Moringa has a long history of use in traditional medicine around the world. The plant, native to South Asia, has multiple uses in Ayurveda, from relieving headaches and easing constipation to promoting weight loss and improving libido. Recent studies, in fact, have found that moringa can potentially lower cholesterol, regulate blood sugar and treat other health issues.
In their report, the Chinese team explored the health benefits of MOs-2-a (1.35 x 104 Da). In particular, the team looked at whether the polysaccharide can improve gut health using a murine model. For a month, the mice were treated with MOs-2-a. During this time, the team measured the mice's body weight, immunity and gut health.
The findings revealed that mice treated with MOs-2-a had significantly better immunity than untreated mice. In addition, the mice had more of a gut bacteria strain known for its anti-obesity properties. According to the team, the moringa polysaccharide can improve the function of digestive enzymes to degrade starch, lipid and protein in food.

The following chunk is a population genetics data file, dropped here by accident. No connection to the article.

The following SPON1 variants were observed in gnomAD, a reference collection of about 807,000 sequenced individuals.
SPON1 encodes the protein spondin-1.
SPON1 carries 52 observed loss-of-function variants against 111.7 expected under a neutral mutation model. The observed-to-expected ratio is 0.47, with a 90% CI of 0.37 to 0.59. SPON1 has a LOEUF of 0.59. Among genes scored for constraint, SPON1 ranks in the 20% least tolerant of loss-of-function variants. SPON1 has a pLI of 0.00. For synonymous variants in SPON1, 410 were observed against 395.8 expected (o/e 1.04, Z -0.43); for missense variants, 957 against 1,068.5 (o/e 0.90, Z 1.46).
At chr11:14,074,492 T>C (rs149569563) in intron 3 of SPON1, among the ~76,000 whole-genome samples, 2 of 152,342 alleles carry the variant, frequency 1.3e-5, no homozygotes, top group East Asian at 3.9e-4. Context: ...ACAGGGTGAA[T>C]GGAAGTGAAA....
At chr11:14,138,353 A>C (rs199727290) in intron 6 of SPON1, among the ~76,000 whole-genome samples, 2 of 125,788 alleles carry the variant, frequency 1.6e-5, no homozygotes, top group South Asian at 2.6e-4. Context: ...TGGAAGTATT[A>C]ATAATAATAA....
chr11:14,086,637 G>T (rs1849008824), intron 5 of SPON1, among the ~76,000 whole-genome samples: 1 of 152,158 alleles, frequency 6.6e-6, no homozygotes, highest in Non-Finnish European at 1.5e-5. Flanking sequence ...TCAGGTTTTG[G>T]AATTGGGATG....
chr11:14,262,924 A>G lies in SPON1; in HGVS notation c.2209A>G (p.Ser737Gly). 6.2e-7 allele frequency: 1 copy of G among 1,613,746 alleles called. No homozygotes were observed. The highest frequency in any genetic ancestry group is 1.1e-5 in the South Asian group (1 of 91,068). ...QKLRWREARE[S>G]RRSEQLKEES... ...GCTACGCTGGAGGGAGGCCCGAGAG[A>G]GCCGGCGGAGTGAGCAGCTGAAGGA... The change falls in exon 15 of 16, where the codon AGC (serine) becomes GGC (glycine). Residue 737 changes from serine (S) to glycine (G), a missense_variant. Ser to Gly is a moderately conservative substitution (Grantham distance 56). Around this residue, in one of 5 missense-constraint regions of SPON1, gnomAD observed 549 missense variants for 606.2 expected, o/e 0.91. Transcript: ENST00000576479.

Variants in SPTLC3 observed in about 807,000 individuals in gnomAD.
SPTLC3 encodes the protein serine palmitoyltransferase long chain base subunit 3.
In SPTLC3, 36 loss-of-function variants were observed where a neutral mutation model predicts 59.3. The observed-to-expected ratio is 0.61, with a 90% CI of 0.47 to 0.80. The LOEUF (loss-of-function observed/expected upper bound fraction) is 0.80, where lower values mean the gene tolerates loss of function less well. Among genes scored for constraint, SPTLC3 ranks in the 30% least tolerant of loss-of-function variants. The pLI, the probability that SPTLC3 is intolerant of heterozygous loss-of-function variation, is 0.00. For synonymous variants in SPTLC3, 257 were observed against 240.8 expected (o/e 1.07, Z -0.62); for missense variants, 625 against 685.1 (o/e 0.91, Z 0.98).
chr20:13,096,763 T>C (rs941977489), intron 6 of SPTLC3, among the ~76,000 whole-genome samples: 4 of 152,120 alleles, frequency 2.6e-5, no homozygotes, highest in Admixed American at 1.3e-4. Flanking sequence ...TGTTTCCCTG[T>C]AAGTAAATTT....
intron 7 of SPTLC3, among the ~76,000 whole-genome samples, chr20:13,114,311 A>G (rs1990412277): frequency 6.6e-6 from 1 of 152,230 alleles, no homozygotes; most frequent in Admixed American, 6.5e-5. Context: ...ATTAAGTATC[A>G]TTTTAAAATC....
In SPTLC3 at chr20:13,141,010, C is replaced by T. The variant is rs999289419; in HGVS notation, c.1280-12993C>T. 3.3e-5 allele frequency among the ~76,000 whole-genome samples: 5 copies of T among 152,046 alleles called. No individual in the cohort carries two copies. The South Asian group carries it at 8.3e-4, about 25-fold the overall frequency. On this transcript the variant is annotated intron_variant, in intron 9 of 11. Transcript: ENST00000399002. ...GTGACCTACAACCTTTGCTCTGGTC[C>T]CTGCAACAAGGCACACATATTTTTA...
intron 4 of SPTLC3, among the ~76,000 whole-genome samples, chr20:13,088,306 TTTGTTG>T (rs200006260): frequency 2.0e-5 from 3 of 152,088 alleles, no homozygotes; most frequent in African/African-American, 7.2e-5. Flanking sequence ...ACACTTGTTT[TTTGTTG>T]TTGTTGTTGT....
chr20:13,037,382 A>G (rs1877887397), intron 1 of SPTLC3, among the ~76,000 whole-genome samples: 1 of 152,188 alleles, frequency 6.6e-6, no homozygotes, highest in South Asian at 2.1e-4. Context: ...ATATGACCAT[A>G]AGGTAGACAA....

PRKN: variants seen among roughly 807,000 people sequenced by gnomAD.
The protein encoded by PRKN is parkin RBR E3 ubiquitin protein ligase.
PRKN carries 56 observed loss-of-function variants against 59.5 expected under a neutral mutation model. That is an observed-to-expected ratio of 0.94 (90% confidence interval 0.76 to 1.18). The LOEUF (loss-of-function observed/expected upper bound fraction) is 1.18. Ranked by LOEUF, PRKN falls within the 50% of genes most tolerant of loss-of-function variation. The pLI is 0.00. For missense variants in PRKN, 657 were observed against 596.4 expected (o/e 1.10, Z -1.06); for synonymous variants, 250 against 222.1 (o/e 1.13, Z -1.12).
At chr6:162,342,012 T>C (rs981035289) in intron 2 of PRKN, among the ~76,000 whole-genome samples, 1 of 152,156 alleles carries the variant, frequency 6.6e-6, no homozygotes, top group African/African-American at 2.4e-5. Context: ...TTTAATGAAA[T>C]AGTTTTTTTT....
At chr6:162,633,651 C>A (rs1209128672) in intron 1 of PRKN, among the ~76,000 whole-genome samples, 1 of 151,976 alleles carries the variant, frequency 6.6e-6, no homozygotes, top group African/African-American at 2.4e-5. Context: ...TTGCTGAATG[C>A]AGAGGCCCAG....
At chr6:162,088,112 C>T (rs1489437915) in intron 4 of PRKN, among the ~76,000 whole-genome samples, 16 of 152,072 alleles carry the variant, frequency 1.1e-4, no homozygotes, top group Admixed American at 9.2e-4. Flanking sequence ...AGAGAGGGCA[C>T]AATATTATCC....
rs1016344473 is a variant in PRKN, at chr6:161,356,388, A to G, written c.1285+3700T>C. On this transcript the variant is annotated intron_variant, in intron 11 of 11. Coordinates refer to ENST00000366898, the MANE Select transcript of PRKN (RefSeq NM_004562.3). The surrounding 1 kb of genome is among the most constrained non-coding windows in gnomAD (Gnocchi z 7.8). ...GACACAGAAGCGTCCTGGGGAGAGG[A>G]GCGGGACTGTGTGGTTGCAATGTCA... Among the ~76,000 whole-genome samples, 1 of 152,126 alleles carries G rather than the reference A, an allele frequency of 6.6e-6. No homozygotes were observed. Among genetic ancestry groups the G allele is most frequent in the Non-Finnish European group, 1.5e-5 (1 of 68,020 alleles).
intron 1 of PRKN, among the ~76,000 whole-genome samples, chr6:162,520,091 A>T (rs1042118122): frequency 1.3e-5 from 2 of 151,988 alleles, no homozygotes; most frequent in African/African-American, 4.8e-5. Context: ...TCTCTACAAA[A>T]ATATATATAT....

"The polysaccharide of M. oleifera leaf might be a promising prebiotic that exhibits health promotion effects," wrote the researchers.
Moringa is a plant known for its many health benefits. Despite being used in traditional medicine for thousands of years, scientists are still uncovering its many health benefits.
To note, a cup of freshly chopped moringa leaves contain the following nutrients:
Dried moringa leaves are sold as dietary supplements.
Moringa pods, on the other hand, contain fewer vitamins and minerals than the leaves, except for vitamin C. To note, one cup of freshly sliced pods is equivalent to 157 percent of the RDA.
Here are some science-backed benefits of moringa: (Related: The nutritional and medicinal uses of Moringa oleifera.)
Read more studies about moringa at FoodScience.news.